The templates I use are sections of a circle, so any part of the template will work anywhere without having to worry about lining up a centreline.Hard to draw in a workshop because the radii are so huge. Trivial to draw up and dimension in CAD and provide a drawing for a quick to make template
Simon Lew – Really cool and unusual looking transom for a paddle board. Very curious to see how it goes.
It is like a pintail as far as the water goes. But will give stability when heeled – enough for beginners who have had just a couple of hours on more stable boards.
And it is what it needs to get the prismatic coefficient to reduce drag at the planned speed – 3 to 4 knots.
Should footsteer at lowish speeds too. Whether that is a bonus or a negative, we will find out.
I’d express it a different way. I’ve gone all out with primary and secondary stability using principles of good rowboats which operate at the same speed range and repeating their low drag hullform as much as one can in something this flat. It has been an interesting experience to try and hit the right numbers and interesting how the shape ends up being a bit unconventional – if you are thinking surfboards. But if thinking traditional rowboats it is all kindof obvious. the board.
Admission from the designer
Admission time – I’ve had plan writer’s block for some time.
Happily the plan for the SUP has broken that. I’ve done most of the plan in the last week. Just getting ready (metaphorically) to put the deck on. I have no problems doing the boat, but writing up the documentation to tell people what to do to put it together in a comprehensible way is tricky.
Very happy I conquered this plan in record time.
For those who don’t know Ta’al Lake is where I sail usually. it is the large caldera of an active volcano. Most of the data that allows the modelling of pyroclastic flow and surge was gathered in the ’60s from this volcano.
It is not the simplest of boats but not excessive and the plans cover the step by step but it really does touch on a large number of boatbuilding methods. Half is quite modern in construction, but the deck and subdeck is quite traditional. It took Job Ferranco 2 1/2 weeks to build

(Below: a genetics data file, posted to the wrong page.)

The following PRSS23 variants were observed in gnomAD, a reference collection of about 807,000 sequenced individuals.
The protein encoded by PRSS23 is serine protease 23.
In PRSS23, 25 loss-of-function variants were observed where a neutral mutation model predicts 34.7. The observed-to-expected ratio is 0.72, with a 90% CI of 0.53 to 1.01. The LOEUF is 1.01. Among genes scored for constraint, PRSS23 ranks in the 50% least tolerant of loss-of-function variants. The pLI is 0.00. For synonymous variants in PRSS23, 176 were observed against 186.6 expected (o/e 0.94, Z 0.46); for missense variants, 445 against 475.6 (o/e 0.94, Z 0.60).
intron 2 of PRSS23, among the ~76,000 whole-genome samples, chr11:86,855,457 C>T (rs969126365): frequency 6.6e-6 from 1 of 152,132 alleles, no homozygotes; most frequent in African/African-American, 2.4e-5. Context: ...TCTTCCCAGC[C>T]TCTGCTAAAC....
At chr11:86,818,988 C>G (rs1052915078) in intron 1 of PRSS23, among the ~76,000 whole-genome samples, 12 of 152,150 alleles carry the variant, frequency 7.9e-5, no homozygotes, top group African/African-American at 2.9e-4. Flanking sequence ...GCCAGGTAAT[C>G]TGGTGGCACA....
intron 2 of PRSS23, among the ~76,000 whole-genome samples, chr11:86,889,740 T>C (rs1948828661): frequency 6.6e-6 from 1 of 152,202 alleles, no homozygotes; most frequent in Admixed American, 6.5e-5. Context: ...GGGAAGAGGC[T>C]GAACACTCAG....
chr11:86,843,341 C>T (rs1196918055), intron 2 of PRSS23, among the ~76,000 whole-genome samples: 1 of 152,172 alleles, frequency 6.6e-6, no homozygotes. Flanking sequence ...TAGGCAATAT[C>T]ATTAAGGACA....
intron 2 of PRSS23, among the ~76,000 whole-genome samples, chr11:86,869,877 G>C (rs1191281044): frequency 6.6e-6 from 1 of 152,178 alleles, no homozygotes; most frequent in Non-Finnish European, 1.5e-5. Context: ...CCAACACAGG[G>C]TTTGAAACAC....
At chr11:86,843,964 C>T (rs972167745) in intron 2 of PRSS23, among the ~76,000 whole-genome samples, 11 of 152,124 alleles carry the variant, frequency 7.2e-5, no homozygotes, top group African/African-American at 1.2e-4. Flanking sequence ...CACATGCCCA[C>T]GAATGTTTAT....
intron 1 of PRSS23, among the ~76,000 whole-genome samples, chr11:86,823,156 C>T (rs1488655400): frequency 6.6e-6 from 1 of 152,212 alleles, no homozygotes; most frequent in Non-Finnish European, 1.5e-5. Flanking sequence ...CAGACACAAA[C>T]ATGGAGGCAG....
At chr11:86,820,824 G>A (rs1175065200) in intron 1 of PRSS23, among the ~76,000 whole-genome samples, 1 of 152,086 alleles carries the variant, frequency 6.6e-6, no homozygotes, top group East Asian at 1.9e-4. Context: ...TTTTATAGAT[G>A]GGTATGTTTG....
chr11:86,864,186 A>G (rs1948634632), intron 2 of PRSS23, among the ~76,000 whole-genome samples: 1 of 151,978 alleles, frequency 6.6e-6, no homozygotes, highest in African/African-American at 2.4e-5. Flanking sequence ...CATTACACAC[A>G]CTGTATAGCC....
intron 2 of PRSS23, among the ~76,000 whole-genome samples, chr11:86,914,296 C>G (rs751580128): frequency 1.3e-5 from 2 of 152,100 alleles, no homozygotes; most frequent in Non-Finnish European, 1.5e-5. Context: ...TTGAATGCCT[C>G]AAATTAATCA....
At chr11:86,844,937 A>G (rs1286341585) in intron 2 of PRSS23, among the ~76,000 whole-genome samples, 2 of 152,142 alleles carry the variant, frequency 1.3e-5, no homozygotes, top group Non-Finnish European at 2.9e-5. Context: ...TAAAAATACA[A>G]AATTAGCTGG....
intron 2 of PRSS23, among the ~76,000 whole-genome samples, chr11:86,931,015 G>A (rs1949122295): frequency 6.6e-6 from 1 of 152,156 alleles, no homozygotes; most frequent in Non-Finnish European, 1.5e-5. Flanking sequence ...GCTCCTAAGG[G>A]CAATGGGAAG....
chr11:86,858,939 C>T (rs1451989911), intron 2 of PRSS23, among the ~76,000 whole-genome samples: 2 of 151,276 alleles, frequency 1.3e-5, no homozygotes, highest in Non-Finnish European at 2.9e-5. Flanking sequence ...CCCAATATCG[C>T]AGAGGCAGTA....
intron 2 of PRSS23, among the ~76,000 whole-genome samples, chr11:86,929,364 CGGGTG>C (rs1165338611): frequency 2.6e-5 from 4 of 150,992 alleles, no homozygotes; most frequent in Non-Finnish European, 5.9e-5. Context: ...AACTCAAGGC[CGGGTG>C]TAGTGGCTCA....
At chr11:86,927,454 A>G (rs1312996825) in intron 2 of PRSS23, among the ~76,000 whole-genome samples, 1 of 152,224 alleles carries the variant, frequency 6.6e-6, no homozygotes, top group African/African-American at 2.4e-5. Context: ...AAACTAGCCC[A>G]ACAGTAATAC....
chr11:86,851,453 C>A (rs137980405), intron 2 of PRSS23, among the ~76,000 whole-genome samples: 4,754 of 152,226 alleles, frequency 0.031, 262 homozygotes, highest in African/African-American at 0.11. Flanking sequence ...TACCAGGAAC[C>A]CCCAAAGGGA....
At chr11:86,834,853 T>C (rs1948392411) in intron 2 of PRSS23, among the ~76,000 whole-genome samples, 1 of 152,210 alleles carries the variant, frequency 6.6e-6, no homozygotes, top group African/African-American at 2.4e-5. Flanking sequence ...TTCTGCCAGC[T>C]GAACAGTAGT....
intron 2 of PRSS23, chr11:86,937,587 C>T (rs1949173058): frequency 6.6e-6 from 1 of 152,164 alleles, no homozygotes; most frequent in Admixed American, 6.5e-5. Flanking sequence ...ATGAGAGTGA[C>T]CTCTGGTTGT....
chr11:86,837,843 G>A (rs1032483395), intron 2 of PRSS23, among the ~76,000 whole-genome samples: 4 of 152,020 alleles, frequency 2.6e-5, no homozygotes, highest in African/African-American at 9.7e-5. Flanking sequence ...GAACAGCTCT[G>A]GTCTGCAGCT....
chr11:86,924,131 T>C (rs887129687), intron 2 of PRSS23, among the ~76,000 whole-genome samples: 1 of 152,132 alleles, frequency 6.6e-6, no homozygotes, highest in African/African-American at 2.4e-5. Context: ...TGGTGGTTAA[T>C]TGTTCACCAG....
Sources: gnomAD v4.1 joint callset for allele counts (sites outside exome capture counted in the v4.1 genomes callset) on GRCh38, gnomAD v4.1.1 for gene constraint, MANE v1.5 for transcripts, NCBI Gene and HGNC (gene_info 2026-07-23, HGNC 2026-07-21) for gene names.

So a great choice to introduce people to a wide range of boatbuilding methods at quite low cost.hould I wait to buy and download until I’m ready to build? Will you incorporate feedback into the plans or just post on the wiki
Is building this boat different?
Plans are for people with some boatbuilding experience – building a plywood boat with epoxy will equip you with the methods.
This is not one of my step by step plans that explain every building step.
They assume some knowledge and experience
- This boat MUST use epoxy. It is a higher specification build and Stitch and glue method that pushes materials closer to their limit than normal boat structures. Alternative glues will not cut it and are a substantial risk – forget Gorilla glue, Titebond, PL-Premium – only epoxy to be used. Polyester resin must not be used at any stage – it doesn’t stick to timber adequately for reliable failsafe strength.
- This boat must use good quality materials. Builders will know that using low quality materials in a particularly sophisticated construction is folly.
- Builders will know that cleaning up as you go saves bucketloads of sanding later.
- Builders must know how to setup the next phase of work with locations and any clamping worked out in advance by doing a dry run to make sure everything is organised BEFORE mixing epoxy. This means that epoxy can be quickly spread over the laid out surfaces and not left to heat up and go hot in a container.
- Builders must be able to use fibreglass cloth and tape and keep surfaces smooth without adding too much resin.
- Builders must be self disciplined to keep weight out of the boat at every building stage. Heavy boats happen because builders decide that extra weight is warranted, usually for nebulous reasons or because they want to do something with extra epoxy. If building lightweight boats like this project, the best place for extra weight is the trash bin. Remember this at every stage.